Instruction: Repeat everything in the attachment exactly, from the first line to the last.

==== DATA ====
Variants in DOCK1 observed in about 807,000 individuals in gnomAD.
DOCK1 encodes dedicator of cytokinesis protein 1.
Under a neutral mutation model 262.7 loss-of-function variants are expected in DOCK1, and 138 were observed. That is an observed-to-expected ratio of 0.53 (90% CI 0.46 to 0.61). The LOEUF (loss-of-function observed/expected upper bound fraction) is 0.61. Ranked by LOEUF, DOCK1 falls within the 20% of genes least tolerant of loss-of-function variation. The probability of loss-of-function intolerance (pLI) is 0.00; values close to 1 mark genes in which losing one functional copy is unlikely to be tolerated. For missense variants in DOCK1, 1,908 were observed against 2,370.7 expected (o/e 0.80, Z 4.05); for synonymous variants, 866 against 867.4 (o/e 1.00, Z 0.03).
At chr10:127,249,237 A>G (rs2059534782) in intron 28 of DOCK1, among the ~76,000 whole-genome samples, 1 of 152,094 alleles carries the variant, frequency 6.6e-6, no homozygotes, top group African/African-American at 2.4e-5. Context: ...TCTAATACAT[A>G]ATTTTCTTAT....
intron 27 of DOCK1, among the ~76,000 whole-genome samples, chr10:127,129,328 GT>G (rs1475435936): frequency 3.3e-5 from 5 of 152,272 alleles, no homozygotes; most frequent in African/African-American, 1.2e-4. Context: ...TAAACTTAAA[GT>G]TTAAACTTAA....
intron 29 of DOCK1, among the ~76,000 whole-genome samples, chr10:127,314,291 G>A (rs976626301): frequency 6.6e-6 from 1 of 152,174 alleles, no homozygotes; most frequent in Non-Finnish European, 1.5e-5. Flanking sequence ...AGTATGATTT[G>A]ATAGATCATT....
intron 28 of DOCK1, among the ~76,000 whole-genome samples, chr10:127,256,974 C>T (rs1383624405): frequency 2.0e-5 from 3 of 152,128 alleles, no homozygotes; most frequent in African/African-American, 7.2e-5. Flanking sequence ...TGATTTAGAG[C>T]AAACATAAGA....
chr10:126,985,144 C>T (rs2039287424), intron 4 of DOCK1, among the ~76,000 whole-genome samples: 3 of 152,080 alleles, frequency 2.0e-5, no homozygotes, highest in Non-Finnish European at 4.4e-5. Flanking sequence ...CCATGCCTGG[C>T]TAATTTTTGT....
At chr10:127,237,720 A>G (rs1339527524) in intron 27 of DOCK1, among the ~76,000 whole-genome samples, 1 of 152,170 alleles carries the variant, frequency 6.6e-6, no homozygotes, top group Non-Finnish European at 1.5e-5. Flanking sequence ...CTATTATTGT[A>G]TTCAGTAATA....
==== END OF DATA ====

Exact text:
Variants in DOCK1 observed in about 807,000 individuals in gnomAD.
DOCK1 encodes dedicator of cytokinesis protein 1.
Under a neutral mutation model 262.7 loss-of-function variants are expected in DOCK1, and 138 were observed. That is an observed-to-expected ratio of 0.53 (90% CI 0.46 to 0.61). The LOEUF (loss-of-function observed/expected upper bound fraction) is 0.61. Ranked by LOEUF, DOCK1 falls within the 20% of genes least tolerant of loss-of-function variation. The probability of loss-of-function intolerance (pLI) is 0.00; values close to 1 mark genes in which losing one functional copy is unlikely to be tolerated. For missense variants in DOCK1, 1,908 were observed against 2,370.7 expected (o/e 0.80, Z 4.05); for synonymous variants, 866 against 867.4 (o/e 1.00, Z 0.03).
At chr10:127,249,237 A>G (rs2059534782) in intron 28 of DOCK1, among the ~76,000 whole-genome samples, 1 of 152,094 alleles carries the variant, frequency 6.6e-6, no homozygotes, top group African/African-American at 2.4e-5. Context: ...TCTAATACAT[A>G]ATTTTCTTAT....
intron 27 of DOCK1, among the ~76,000 whole-genome samples, chr10:127,129,328 GT>G (rs1475435936): frequency 3.3e-5 from 5 of 152,272 alleles, no homozygotes; most frequent in African/African-American, 1.2e-4. Context: ...TAAACTTAAA[GT>G]TTAAACTTAA....
intron 29 of DOCK1, among the ~76,000 whole-genome samples, chr10:127,314,291 G>A (rs976626301): frequency 6.6e-6 from 1 of 152,174 alleles, no homozygotes; most frequent in Non-Finnish European, 1.5e-5. Flanking sequence ...AGTATGATTT[G>A]ATAGATCATT....
intron 28 of DOCK1, among the ~76,000 whole-genome samples, chr10:127,256,974 C>T (rs1383624405): frequency 2.0e-5 from 3 of 152,128 alleles, no homozygotes; most frequent in African/African-American, 7.2e-5. Flanking sequence ...TGATTTAGAG[C>T]AAACATAAGA....
chr10:126,985,144 C>T (rs2039287424), intron 4 of DOCK1, among the ~76,000 whole-genome samples: 3 of 152,080 alleles, frequency 2.0e-5, no homozygotes, highest in Non-Finnish European at 4.4e-5. Flanking sequence ...CCATGCCTGG[C>T]TAATTTTTGT....
At chr10:127,237,720 A>G (rs1339527524) in intron 27 of DOCK1, among the ~76,000 whole-genome samples, 1 of 152,170 alleles carries the variant, frequency 6.6e-6, no homozygotes, top group Non-Finnish European at 1.5e-5. Flanking sequence ...CTATTATTGT[A>G]TTCAGTAATA....